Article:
Signing an assembly with a strong name (a.k.a strong naming) uses a cryptographic key pair that gives a unique identity to a component that is being built. This identity can then be referred throughout the rest of the environment. In order to install assemblies into the GAC, they must be strongly named. After signing, the binary will have a public key token identifier which can be use to register the component in various other places on the server. (More...)

How do you create a resource-only assembly?

  
One should create a resource only assembly if you need to update the resources frequently without recompiling the whole solution.
Steps to create it are:
a. Create a new empty project.
b. Add a new resource item to the project.
c. In project's property pages, choose output type as class library..
d. Build project to have the resource files being compiled in an assembly. (More...)

What is Assembly?

  
Assemblies are the building blocks of .NET Framework applications; they form the fundamental unit of deployment, version control, reuse, activation scoping, and security permissions. An assembly is a collection of types and resources that are built to work together and form a logical unit of functionality. An assembly provides the common language runtime with the information it needs to be aware of type implementations. To the runtime, a type does not exist outside the context of an assembly.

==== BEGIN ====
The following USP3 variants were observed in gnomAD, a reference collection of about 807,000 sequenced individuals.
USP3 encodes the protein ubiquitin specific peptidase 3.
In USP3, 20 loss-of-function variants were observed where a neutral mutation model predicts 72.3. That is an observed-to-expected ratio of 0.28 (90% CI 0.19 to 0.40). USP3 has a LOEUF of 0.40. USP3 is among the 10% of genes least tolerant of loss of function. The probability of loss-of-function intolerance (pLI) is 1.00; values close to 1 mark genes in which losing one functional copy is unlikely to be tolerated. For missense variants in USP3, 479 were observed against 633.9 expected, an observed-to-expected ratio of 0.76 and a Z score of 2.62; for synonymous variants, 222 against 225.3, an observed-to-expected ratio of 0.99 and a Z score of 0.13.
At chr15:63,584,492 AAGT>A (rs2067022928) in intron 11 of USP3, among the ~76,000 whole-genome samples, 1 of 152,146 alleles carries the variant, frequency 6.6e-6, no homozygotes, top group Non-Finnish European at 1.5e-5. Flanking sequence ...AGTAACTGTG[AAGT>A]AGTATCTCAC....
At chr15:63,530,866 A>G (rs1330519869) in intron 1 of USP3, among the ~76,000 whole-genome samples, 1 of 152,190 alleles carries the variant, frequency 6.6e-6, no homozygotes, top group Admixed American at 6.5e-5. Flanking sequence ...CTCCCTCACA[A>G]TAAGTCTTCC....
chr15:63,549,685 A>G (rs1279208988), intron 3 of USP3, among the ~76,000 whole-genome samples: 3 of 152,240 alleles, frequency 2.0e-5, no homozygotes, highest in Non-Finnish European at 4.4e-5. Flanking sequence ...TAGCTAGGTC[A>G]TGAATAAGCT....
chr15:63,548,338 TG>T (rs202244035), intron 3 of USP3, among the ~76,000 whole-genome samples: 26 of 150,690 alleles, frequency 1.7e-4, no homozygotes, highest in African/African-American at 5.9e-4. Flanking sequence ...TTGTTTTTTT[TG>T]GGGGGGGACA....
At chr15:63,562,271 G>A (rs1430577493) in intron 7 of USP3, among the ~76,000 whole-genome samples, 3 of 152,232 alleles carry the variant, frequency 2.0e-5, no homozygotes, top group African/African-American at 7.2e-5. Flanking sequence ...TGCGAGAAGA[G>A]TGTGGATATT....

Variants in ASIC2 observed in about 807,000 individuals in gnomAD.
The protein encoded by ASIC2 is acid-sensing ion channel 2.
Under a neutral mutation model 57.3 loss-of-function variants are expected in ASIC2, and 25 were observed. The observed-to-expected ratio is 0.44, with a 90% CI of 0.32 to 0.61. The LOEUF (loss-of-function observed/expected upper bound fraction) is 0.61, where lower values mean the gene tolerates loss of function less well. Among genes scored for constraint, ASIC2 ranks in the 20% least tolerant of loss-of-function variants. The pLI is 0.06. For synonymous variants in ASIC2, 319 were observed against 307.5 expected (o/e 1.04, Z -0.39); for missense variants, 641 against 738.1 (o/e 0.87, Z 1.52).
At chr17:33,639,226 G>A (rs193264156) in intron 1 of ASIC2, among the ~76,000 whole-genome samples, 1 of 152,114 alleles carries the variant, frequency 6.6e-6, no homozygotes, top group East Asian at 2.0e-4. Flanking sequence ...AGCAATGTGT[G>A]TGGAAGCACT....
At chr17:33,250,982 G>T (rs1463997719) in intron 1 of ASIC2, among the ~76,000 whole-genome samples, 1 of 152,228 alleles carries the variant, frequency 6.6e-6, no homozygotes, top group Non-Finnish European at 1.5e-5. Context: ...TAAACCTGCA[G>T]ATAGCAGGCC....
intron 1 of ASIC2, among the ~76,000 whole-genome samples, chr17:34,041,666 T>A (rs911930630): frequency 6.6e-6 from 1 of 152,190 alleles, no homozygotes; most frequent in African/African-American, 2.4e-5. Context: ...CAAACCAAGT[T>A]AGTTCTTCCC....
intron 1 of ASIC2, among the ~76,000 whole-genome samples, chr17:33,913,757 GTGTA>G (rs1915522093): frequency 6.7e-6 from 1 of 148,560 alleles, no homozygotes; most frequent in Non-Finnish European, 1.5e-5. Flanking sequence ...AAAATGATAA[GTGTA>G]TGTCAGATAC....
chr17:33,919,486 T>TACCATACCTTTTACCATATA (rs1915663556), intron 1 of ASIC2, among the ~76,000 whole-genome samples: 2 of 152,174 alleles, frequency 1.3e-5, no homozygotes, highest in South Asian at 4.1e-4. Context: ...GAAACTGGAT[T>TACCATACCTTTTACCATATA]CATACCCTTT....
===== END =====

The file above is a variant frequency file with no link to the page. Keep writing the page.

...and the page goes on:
Assemblies are a fundamental part of programming with the .NET Framework. An assembly performs the following functions:
It contains code that the common language runtime executes. Microsoft intermediate language (MSIL) code in a portable executable (PE) file will not be executed if it does not have an associated assembly manifest. Note that each assembly can have only one entry point (that is, DllMain, WinMain, or Main).
It forms a security boundary. An assembly is the unit at which permissions are requested and granted.
It forms a type boundary. Every type's identity includes the name of the assembly in which it resides. A type called MyType loaded in the scope of one assembly is not the same as a type called MyType loaded in the scope of another assembly.
It forms a reference scope boundary. The assembly's manifest contains assembly metadata that is used for resolving types and satisfying resource requests. It specifies the types and resources that are exposed outside the assembly. The manifest also enumerates other assemblies on which it depends.